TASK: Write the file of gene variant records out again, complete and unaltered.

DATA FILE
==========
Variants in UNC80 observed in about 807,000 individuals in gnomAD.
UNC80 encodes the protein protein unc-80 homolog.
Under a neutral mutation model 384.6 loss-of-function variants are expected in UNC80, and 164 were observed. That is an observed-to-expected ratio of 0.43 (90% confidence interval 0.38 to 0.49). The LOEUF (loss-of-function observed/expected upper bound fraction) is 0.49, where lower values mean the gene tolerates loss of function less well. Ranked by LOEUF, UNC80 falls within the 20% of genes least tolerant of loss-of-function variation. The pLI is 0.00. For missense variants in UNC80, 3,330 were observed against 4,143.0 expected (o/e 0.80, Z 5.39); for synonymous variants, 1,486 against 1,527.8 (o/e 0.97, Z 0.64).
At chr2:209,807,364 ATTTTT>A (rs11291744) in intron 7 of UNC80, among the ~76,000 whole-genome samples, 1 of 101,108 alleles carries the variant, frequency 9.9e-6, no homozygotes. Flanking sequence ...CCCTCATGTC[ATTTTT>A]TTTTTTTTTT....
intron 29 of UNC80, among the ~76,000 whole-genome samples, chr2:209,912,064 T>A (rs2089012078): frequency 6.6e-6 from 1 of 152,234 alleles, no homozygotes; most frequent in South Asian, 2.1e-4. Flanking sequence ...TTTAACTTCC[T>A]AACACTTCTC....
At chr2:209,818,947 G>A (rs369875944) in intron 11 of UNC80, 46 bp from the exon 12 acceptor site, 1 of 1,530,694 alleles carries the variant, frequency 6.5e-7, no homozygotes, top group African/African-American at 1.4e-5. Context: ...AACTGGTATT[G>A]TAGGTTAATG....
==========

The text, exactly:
Variants in UNC80 observed in about 807,000 individuals in gnomAD.
UNC80 encodes the protein protein unc-80 homolog.
Under a neutral mutation model 384.6 loss-of-function variants are expected in UNC80, and 164 were observed. That is an observed-to-expected ratio of 0.43 (90% confidence interval 0.38 to 0.49). The LOEUF (loss-of-function observed/expected upper bound fraction) is 0.49, where lower values mean the gene tolerates loss of function less well. Ranked by LOEUF, UNC80 falls within the 20% of genes least tolerant of loss-of-function variation. The pLI is 0.00. For missense variants in UNC80, 3,330 were observed against 4,143.0 expected (o/e 0.80, Z 5.39); for synonymous variants, 1,486 against 1,527.8 (o/e 0.97, Z 0.64).
At chr2:209,807,364 ATTTTT>A (rs11291744) in intron 7 of UNC80, among the ~76,000 whole-genome samples, 1 of 101,108 alleles carries the variant, frequency 9.9e-6, no homozygotes. Flanking sequence ...CCCTCATGTC[ATTTTT>A]TTTTTTTTTT....
intron 29 of UNC80, among the ~76,000 whole-genome samples, chr2:209,912,064 T>A (rs2089012078): frequency 6.6e-6 from 1 of 152,234 alleles, no homozygotes; most frequent in South Asian, 2.1e-4. Flanking sequence ...TTTAACTTCC[T>A]AACACTTCTC....
At chr2:209,818,947 G>A (rs369875944) in intron 11 of UNC80, 46 bp from the exon 12 acceptor site, 1 of 1,530,694 alleles carries the variant, frequency 6.5e-7, no homozygotes, top group African/African-American at 1.4e-5. Context: ...AACTGGTATT[G>A]TAGGTTAATG....